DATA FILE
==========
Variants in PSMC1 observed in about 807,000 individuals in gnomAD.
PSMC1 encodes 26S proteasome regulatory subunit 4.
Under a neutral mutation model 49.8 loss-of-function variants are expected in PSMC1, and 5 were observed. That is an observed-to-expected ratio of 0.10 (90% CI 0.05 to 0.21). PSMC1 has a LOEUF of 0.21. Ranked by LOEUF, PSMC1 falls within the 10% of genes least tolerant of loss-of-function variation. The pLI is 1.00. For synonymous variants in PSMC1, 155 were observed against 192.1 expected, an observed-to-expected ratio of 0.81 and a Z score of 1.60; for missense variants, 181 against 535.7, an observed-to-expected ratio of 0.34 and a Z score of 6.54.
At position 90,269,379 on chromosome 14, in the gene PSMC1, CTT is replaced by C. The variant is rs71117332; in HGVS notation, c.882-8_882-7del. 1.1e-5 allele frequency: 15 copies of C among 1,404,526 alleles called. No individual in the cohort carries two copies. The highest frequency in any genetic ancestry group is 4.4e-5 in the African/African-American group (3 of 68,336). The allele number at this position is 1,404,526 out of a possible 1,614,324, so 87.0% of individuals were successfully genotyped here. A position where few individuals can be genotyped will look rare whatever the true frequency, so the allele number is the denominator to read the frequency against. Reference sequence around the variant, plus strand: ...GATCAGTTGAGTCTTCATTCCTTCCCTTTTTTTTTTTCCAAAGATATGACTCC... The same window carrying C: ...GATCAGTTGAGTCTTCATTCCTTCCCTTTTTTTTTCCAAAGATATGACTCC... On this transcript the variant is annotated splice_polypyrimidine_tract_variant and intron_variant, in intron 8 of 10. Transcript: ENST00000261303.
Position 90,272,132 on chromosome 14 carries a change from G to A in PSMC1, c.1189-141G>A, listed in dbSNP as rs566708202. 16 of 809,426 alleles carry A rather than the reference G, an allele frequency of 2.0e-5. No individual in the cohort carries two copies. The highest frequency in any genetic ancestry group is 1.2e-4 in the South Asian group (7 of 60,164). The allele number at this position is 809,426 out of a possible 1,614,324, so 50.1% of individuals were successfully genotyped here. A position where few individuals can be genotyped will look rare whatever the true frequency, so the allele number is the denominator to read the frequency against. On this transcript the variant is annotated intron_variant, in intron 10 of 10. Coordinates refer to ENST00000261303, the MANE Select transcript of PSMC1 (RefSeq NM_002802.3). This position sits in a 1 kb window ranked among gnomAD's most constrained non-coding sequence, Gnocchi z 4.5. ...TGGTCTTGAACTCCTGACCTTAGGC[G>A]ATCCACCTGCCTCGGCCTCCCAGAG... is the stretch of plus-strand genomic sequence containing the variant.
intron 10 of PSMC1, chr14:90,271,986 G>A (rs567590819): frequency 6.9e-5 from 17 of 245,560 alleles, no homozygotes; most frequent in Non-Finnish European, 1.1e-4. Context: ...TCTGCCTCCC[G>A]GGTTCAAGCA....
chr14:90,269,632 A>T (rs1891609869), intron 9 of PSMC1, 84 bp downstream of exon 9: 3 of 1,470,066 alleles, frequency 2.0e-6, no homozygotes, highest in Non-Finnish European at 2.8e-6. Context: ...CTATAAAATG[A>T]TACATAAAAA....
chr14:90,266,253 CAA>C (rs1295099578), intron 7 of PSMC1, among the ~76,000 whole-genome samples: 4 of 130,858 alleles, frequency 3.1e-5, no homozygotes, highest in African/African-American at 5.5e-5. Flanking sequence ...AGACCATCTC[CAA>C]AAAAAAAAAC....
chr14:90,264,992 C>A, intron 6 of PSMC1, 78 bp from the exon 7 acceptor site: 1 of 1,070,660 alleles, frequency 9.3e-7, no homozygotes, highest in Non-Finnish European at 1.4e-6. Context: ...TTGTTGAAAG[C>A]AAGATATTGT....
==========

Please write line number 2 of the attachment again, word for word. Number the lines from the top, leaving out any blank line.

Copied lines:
PSMC1 encodes 26S proteasome regulatory subunit 4.